Since the start of the school year Mike Helton has been teaching DeltaCharterHigh School students about the basics of emergency services.

So far he has about 100 students in his classes, including courses in introductory fire science and emergency medical response. On Tuesday he acquired another teaching tool: a fully equipped fire engine, ready to get back in service.

“This is amazing. The kids are going to love this,” Helton said after taking delivery of the 1987 Van Pelt fire engine. “It’s completely operational so that’s nice too. It will be able to pump water, we’re going to show them how to run the panels. It’s going to be amazing for the kids to get a working fire engine they can get their hands on.”

DeltaCharterHigh School bought the engine from Mark Hathaway, a firefighter with the San Jose Fire Department and a collector of classic fire engines. Hathaway noted that while the engine is fully functional, it is also a collector’s item.

“It’s got history behind it. It’s the very last Van Pelt fire engine to be built from the Van Pelt Fire apparatus company (P.E. Van Pelt, Inc.) in Oakdale,” Hathaway said, referring to the company that opened in 1925 and continued operations until 1978, when FMC Corporation bought the company, eventually discontinuing the Van Pelt line in 1987. That year four Van Pelt employees started Hi-Tech Emergency Vehicle Service, Inc., which continues operating in Oakdale.

Hathaway sold this engine, formerly an apparatus for the Auburn City Fire Department, to DeltaCharterHigh School for $8,000. It has 73,000 miles on it and runs on a Detroit Diesel 8V92 engine with an Allison automatic transmission. It includes a 500-gallon water tank, and is capable of pumping 1,250 gallons per-minute.

He threw in several hoses, plus attachments and adapters, a 24-foot extension ladder, an attic ladder plus air tanks that firefighters would use when they enter burning or smoking buildings.

Helton said that while it has everything a crew would need to respond to a structure fire, he doesn’t expect students taking introductory fire science classes to attack burning buildings just yet. He does plan to coordinate with South San Joaquin County Fire Authority, which has a station on Durham Ferry Road across from New Jerusalem and Delta Charter schools, and also serves as Tracy’s fire department.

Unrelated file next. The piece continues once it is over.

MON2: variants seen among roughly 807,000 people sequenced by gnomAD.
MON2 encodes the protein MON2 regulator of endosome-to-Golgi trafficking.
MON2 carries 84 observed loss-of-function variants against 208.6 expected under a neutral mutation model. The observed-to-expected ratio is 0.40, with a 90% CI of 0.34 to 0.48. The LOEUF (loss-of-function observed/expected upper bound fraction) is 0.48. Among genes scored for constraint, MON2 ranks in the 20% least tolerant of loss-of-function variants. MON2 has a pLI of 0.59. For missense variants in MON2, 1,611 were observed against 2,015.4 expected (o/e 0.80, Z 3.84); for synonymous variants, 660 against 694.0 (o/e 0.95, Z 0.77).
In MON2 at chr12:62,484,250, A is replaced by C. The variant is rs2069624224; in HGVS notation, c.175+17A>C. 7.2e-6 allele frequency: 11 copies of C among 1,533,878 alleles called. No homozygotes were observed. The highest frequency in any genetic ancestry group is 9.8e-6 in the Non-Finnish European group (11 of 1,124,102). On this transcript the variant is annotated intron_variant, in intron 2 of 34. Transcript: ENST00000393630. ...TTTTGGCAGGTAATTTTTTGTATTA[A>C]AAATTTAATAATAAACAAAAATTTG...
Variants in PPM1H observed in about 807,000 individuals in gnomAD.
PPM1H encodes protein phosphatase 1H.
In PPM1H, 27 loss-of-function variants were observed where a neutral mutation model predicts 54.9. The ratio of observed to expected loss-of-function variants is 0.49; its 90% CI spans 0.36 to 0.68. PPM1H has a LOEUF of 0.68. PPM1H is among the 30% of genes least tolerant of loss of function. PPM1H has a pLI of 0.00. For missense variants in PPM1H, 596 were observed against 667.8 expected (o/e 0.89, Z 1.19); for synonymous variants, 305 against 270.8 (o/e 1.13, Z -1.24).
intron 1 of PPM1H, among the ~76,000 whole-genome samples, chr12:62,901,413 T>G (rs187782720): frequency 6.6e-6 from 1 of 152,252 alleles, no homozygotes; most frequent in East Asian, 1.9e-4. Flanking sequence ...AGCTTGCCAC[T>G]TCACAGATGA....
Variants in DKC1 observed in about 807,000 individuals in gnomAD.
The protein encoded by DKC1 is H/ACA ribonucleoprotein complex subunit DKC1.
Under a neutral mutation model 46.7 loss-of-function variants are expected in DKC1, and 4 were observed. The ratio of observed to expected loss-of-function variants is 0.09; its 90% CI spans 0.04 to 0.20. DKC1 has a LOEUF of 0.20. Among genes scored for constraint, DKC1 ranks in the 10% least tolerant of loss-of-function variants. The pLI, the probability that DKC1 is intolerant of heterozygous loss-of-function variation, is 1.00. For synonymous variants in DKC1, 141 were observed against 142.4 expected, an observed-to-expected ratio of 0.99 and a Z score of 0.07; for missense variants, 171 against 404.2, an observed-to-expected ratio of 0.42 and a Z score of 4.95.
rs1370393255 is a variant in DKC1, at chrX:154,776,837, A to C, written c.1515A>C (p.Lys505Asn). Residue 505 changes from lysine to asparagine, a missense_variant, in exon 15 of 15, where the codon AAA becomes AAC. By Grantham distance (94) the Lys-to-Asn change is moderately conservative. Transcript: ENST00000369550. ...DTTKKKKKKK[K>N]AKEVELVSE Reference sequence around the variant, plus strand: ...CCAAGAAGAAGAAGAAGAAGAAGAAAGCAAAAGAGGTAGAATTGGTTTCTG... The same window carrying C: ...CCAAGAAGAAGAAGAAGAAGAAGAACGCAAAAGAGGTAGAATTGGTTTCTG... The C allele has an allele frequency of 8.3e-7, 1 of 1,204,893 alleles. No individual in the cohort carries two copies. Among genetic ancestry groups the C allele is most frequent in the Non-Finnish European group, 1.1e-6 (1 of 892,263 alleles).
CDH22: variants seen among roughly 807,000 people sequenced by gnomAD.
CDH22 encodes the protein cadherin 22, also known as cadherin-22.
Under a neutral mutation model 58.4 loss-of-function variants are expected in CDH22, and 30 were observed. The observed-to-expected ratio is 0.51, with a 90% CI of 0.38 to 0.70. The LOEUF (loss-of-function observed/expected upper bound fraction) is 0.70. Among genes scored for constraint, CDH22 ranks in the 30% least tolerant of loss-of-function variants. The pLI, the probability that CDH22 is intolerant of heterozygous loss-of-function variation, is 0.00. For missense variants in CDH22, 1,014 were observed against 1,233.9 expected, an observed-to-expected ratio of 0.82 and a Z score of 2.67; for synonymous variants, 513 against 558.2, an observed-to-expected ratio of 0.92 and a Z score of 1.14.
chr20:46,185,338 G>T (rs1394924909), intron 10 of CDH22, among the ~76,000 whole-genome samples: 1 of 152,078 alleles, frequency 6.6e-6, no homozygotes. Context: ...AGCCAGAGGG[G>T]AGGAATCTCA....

“Honesty what my plan is, is to work with Tracy fire to do some fire behavior classes, so we can do some small scale stuff,” he said.

Hathaway added that a working fire engine also offers students a chance to learn how to take care of a fully-equipped engine and all of its gear.

“There’s more stuff they could get, hopefully with donations from fire departments that are surplusing out old equipment,” Hathaway said. “They could have a whole array of medical gear, what’s carried on a fire engine.”

Helton just started teaching at Delta Charter this year. He is a retired military medic with 30 years of experience in emergency medical services. He noted that through his classes, students can earn up to 18 credits toward an associate degree at ModestoJunior College, where he also teaches.

“I want them to be able to go from here and say, ‘I want to go to a fire academy,’ or ‘I want to go and be a volunteer somewhere, or go work for Tracy,’ because Tracy has an amazing volunteer and Explorer program.”

He added that high school is an ideal place to get a taste for fire service. Through his classes students learn not just the operation of equipment, but also how to coordinate emergency response in a range of scenarios. Having the proper equipment and an apparatus on-site signals to students that the Delta Charter’s program is the first step toward professional training.

“Our goal, and for the school district as a whole as well, is to show kids what they’re going to be seeing when they get here,” he said. “If you guys want to come to this kind of school, if you want to come to this kind of training program, this is what we have for you.”

Delta Charter is hoping to bring students back to campus next week, and Helton introduced them to the Val Pelt engine during his remote courses.

 “I already have kids who are so excited. I just got off a class, teaching and telling them, we’re going to have a fire engine for you guys to work on,” said Helton

“Just seeing that motivation change from, ‘Oh, it’s school, we’re doing Zoom, whatever,’ but when they actually get back here on campus, it’s an amazing tool for them to use.” 

• Contact Bob Brownne at, or call 209-830-4227.

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